A young Chinese woman most likely caught the H7N9 avian influenza virus from her father after caring for him in the hospital, marking the first probable case of human-to-human transmission, according to a report released today in BMJ.
The daughter got sick only after prolonged, close contact with her father, and no cases were found in other family members or in healthcare workers. The authors therefore conclude that the virus has not gained the capability for efficient, sustained transmission.
Although the virus didn't spread further, the transmission event "means there is potential for greater human to human transmission," says the report. It was written by a large Chinese team, with Xian Qi as first author.
The father, a 60-year-old retiree, was in charge of buying food for his extended family, and he occasionally visited live poultry markets, according to the report. In early March he bought six quail at one of the markets and cooked them. On Mar 8 he fell ill with a fever, cough, and shortness of breath, and he was hospitalized on Mar 11.
He was treated with antibiotics, but on Mar 15 he was moved to the hospital's intensive care unit because of respiratory distress. Three days later he was moved to the ICU of a tertiary hospital and treated with oseltamivir. He died of multiple organ failure on May 4.
The man's 32-year-old daughter was healthy and had no known exposure to poultry before her illness. She cared for her father before he was hospitalized and for several days after he entered the hospital. Her father had "abundant expectoration" starting on Mar 14, and, without wearing protective equipment, she cleaned his secretions and maintained his oral hygiene until he entered the ICU.
The young woman fell ill with a fever and cough on Mar 21, six days after her last contact with her father. She was treated with antibiotics and later with oseltamivir, but on Mar 28 she was moved to an ICU and put on a ventilator. On Apr 4 she died of multiple organ failure and cardiac arrest.
Both patients tested positive for the H7N9 virus in late March. When viral isolates from both of them were sequenced, they were found to be nearly identical (99.6% to 99.9% match) but slightly different from an H7N9 virus found at one of the poultry markets visited by the father.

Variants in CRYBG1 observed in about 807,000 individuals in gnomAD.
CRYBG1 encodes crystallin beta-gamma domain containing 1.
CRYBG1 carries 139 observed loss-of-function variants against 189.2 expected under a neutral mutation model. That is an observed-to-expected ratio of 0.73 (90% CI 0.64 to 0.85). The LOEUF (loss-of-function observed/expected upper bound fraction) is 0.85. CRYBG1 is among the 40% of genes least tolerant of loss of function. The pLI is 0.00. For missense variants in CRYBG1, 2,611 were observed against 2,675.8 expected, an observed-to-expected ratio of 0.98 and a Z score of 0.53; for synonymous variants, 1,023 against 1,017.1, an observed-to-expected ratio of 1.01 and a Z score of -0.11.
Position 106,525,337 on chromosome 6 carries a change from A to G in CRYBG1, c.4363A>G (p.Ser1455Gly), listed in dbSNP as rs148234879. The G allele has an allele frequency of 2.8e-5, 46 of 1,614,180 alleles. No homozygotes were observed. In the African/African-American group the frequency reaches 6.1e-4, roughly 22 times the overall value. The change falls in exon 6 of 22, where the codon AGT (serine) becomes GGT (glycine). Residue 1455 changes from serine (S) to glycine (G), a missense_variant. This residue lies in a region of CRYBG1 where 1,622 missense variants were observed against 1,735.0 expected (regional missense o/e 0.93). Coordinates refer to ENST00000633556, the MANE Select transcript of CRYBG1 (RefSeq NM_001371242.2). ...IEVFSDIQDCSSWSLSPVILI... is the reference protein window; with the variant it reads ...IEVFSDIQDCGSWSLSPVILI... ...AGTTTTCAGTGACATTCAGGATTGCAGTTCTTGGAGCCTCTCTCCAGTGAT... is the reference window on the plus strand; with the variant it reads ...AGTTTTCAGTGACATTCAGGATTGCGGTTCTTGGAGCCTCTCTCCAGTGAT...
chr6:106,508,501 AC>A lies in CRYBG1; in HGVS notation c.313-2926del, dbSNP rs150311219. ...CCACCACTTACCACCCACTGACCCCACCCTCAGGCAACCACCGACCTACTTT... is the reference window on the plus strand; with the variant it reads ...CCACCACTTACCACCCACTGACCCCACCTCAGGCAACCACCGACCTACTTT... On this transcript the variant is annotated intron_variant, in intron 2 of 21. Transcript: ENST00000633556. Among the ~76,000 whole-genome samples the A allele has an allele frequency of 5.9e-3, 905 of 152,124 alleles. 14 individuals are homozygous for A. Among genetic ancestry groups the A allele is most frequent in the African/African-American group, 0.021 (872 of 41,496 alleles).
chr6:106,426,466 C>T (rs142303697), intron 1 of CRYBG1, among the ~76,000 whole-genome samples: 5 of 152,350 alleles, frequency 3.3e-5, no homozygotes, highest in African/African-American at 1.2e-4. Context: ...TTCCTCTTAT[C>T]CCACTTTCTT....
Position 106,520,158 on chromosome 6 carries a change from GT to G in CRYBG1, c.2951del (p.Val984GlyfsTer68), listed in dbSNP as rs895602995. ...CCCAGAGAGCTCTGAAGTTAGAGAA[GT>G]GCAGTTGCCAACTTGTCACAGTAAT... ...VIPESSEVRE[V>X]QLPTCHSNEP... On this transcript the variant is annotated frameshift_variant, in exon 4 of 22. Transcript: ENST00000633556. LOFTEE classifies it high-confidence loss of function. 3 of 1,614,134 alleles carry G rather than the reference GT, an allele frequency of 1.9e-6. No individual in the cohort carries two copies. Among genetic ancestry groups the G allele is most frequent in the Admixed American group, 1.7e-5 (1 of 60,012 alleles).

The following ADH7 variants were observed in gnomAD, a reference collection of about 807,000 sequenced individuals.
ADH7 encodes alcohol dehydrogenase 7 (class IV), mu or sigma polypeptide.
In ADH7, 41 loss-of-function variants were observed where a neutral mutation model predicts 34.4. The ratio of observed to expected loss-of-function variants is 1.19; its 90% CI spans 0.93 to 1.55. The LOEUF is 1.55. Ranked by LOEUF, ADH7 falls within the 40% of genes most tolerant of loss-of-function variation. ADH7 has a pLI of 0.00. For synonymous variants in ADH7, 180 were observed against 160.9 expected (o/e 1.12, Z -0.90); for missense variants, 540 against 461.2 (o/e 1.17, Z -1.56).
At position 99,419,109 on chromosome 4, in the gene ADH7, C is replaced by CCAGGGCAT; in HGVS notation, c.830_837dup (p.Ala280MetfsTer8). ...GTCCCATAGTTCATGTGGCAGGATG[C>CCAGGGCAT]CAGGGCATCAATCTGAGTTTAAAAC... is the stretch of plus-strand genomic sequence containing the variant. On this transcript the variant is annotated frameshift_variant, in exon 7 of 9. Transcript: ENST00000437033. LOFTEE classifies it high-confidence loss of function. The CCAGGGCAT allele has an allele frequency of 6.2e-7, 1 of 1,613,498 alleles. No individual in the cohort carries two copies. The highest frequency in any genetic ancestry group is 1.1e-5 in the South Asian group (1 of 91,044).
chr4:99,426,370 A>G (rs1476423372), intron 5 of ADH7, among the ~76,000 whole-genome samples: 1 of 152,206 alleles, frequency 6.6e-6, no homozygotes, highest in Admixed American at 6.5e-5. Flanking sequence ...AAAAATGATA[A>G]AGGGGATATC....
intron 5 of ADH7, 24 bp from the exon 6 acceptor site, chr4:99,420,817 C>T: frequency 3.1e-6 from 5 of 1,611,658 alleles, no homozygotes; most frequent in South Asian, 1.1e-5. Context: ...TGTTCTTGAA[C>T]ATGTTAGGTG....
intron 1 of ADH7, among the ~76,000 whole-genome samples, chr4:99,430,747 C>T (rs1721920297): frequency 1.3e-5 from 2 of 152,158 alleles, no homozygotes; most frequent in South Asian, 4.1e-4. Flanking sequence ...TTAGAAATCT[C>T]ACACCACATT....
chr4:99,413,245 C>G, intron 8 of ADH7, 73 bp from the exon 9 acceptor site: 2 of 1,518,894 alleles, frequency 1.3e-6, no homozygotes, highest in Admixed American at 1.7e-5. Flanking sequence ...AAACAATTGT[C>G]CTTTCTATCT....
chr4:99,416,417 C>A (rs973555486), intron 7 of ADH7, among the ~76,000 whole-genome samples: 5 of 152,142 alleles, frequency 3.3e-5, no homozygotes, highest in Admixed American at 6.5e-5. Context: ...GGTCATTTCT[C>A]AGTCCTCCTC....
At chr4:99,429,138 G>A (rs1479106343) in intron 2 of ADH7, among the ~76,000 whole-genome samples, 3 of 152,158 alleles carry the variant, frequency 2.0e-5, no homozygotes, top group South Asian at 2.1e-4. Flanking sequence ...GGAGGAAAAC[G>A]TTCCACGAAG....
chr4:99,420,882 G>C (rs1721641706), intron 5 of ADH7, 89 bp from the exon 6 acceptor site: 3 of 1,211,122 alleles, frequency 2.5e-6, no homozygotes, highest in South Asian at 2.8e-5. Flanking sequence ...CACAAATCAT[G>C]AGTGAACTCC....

The authors identified 43 close contacts of the two patients, including 39 healthcare workers, 3 household members, and 1 relative. Among these, only the daughter's husband had any respiratory symptoms, a mild fever; he was treated with oseltamivir and tested negative for the virus.
For the rest of the contacts, testing of paired serum samples revealed no H7N9 antibodies. The authors note that the healthcare workers' awareness of personal protection measures was "relatively weak," and they wore surgical masks instead of N95 respirators when caring for the two patients.
The authors write that several findings support the likelihood of transmission between the father and daughter, including the genetic match of isolates from the patients and the young woman's lack of exposure to animals or live poultry markets. They also observe that experiments with ferrets and pigs have shown that the H7N9 virus can bind to both avian and human airway cell receptors and can spread by respiratory droplets under certain conditions.
"Our findings, however, indicated that the virus has not gained the ability for efficient sustained transmission from person to person," the report continues. In their analysis of the two isolates, the authors found no change in the receptor binding site from the avian to the human pattern, and no evidence of asymptomatic or subclinical infections was found in the 43 close contacts.
In other observations, the authors note that the daughter's husband cared for her father for parts of 3 days, without wearing respiratory protection, but didn't catch the virus. This, along with the two patients' blood relationship, suggests the possibility of a genetic component to susceptibility to H7N9, they write.
"To the best of our knowledge, this is the first report of probable transmissibility of this novel virus from person to person with detailed epidemiological, clinical and virological data," they conclude. They add that timely detection and rapid investigation of case cluster are critically important.
In an accompanying editorial, James Rudge and Richard Coker of the London School of Hygiene and Tropical Medicine write that the findings probably do not mean that H7N9 is closer to becoming a fully human virus, according to a BMJ press release.
Limited human transmission "is not surprising, and does not necessarily indicate that the virus is on course to develop sustained transmission among humans," Rudge and Coker write. But they add that the study is "a timely reminder of the need to remain extremely vigilant: the threat posed by H7N9 has by no means passed."
Qi X, Qian Y, Bao C, et al. Probable person to person transmission of novel avian influenza A (H7N9) virus in Eastern China, 2013: epidemiological investigation. BMJ 2013;347 (early online release) [Full text]
Aug 6 BMJ press release
Jul 25 CIDRAP News story on study showing H7N9 easily infects human lung cells in lab cultures
Jul 18 CIDRAP News story on study showing H7N9 can spread by respiratory droplets among ferrets